It’s suggested more than once that death is preferrable to a life in poverty. “Varumayil vaazha viduvadhu dhaan paavam,” says Gunasekaran. His sister, Kalyani, of course, eventually tries to commit suicide. The idea of death as the final solution brought in my head some visuals of Naan Kadavul’s climax. In that sense, a viewing of Parasakthi today constantly conjures up visuals of many other contemporary Tamil films.
When Gunasekaran first arrives to Chennai, the car he’s in gets surrounded by beggars. I couldn’t but get reminded of a similar scene in Rajinikanth’s Sivaji. Shankar’s Sivaji too is the story of a rich man who’s reduced to a pauper before he strives for the upliftment of the trampled. Perhaps that famous Rajinikanth dialogue — “Parasakthi hero da!” — could then be a lot more than just a punchline. Another scene that shows Gunasekaran opening a tap to get no water gets you thinking of that famous Vivek joke in Run.
Returning to the politics of this film, it’s hard to miss Karunanidhi’s not-so-nice portrayal of migrants in this film, especially those who are shown to speak Hindi or bastardised Tamil. A Hindi-speaking Tamilian gets rudely interrupted when he apologises: “Maaf karojiyaavadhu, mannaankatti karoji aavadhu.” In another scene, Gunasekaran’s begging a Marwari businessman to give him some money to aid his travel to Madurai. The latter responds, “Nimbal Bombaai poraan, Madurai poraan. Nambalki enna vandhaan?” You also spot the not-so-nice depiction of Brahmins in the film, who are mostly shown to be timid and malicious. The priest who attempts to abuse Kalyani is a shining example.
In a film about such serious themes, Karunanidhi’s humour makes some sparkling cameos. When Gunasekaran, who’s sleeping on the pavement, gets rudely woken up by a policeman who splashes water on him, he calmly asks for some soap as it’s been a while since he washed himself. It gets even better.
Policeman: Enna muzhikkara?
Gunasekaran: Thoongaravana ezhuppina muzhikaama enna panradhu?
Policeman: Pickpocket thaane nee?
Gunasekaran: Illa, empty pocket.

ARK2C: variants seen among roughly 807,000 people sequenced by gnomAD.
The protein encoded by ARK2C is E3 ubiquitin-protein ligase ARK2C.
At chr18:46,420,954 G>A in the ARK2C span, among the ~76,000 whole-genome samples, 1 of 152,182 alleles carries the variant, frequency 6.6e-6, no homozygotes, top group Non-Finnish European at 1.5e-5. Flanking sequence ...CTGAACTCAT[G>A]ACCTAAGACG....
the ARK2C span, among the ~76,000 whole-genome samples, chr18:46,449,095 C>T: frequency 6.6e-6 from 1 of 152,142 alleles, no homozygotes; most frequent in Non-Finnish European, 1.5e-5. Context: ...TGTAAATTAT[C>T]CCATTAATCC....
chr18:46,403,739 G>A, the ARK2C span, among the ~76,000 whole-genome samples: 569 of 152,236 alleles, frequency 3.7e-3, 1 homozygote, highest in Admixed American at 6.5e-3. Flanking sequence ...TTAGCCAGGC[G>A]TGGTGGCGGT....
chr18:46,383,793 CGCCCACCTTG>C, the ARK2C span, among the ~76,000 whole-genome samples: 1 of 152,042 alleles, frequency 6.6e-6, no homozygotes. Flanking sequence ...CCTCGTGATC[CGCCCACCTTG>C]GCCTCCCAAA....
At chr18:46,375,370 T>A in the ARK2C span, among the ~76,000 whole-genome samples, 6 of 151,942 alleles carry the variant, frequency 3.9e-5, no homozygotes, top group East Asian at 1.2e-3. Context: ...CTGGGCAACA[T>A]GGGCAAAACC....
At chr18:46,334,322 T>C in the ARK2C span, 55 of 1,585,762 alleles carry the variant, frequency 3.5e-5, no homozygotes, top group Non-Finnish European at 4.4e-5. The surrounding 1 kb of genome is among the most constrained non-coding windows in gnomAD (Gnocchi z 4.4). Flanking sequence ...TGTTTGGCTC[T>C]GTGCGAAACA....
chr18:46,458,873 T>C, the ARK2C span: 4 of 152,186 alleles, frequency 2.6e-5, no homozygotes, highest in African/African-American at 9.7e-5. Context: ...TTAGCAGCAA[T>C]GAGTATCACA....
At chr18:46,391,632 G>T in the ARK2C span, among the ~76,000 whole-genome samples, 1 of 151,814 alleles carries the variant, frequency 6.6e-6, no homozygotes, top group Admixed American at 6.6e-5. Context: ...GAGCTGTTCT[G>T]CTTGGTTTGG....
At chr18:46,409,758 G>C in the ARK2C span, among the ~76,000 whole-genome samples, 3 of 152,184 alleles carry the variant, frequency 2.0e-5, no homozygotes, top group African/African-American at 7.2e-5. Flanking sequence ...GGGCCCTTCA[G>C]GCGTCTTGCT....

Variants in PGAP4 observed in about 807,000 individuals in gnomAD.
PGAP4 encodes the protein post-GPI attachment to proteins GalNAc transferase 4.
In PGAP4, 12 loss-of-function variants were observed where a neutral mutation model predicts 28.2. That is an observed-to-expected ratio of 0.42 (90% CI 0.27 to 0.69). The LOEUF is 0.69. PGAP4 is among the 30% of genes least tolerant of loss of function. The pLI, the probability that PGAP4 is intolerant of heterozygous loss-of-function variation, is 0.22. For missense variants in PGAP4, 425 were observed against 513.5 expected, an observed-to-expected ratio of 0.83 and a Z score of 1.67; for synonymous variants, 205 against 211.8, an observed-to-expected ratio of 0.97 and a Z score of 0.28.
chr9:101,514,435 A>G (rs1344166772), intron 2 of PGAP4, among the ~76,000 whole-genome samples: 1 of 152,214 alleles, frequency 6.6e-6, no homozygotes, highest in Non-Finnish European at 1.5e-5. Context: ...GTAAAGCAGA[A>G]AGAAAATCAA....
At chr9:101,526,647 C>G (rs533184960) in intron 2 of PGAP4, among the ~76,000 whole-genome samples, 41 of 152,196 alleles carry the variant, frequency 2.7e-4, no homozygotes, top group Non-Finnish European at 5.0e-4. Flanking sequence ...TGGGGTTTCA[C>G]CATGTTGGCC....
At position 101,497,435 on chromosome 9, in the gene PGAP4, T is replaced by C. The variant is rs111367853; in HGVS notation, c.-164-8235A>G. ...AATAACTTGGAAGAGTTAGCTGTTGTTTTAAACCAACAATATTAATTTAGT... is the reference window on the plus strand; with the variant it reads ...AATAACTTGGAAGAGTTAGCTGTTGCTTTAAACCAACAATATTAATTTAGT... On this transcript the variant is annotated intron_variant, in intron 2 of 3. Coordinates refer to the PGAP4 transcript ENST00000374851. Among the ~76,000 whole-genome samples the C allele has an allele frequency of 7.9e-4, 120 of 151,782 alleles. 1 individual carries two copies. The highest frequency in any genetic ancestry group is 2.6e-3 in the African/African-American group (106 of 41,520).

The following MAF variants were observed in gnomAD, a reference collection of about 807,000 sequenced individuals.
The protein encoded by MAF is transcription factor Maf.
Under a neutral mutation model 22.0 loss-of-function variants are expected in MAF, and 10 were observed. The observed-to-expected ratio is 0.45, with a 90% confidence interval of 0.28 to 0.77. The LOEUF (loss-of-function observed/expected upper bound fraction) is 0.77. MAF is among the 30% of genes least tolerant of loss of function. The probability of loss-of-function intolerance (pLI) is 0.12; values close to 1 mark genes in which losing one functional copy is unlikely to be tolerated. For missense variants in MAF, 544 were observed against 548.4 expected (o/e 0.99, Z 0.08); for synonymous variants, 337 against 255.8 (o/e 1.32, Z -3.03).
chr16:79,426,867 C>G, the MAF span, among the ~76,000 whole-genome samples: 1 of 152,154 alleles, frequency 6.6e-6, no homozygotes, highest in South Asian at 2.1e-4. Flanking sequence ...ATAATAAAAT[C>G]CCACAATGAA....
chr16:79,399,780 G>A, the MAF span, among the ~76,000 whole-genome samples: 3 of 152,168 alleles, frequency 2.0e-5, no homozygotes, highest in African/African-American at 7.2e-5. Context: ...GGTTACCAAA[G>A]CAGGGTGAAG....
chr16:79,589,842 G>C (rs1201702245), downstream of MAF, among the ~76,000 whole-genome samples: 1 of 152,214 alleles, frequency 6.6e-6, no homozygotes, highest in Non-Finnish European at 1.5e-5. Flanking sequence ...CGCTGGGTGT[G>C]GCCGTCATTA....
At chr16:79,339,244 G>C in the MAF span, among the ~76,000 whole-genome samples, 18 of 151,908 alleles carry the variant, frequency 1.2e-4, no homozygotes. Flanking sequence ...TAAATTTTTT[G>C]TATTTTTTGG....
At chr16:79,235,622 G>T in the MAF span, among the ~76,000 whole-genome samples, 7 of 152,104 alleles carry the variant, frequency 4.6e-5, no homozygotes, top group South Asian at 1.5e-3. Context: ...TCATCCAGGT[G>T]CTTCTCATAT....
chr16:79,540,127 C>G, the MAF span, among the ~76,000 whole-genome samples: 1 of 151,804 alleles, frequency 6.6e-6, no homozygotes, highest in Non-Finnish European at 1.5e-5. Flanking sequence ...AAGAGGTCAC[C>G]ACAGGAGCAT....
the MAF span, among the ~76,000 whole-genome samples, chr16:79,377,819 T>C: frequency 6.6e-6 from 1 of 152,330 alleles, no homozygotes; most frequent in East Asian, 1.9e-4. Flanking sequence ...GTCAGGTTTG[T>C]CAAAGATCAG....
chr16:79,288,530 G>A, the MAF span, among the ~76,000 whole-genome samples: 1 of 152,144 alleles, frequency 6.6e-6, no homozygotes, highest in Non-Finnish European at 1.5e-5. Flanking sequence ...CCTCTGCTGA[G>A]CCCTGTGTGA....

It’s hysterical, as is the scene where Gunasekaran steals murukku. Karunanidhi’s fiery lines benefit largely from the delivery by Sivaji Ganesan.
Karunanidhi’s atheism is a feature of his writing too. There’s constant mockery of god’s apparent inability to step in and save the situation. When Gunasekaran steals fruit and the hawker pleads to god, the former says, “Dheivam thaan kaekkaliye. Avar manasu thaankalla poche.” In a more famous scene, Gunasekaran dramatically steps out from behind the idol of a goddess by saying, “Ambaal endha kaalathil pesinaal?” The irreverence couldn’t be clearer. Karunanidhi also looks to expose the hypocrisy of seemingly noble believers whose actions indicate otherwise, when Gunasekaran questions the priest: “Parasakthi unakkuthaai, aanaal en thangai unakku dasi ya?” There’s further evidence of derision for rituals when a priest chants, “Om kreem kreem yung mung sing.”
You also learn that Mahanaadu was the once-preferred word, not Maanaadu. Quite fittingly, it’s with a Mahanaadu that the film ends; a function that features visuals of Karunanidhi, Periyar, and Anna. Anna is referenced quite earlier on in the film when Pandari Bai’s character is asked how she became so literate and socially conscious. She says, “Elaam anna thaan”, and goes on to talk about her brother.
This film though is all Karunanidhi. And so long as this film continues to remain relevant, the artist in Karunanidhi will continue to live on.
This column was written for Cinema Express, the cinema division of The New Indian Express. All copyrights belong to the organisation. Do link to its page if you’d like to share it.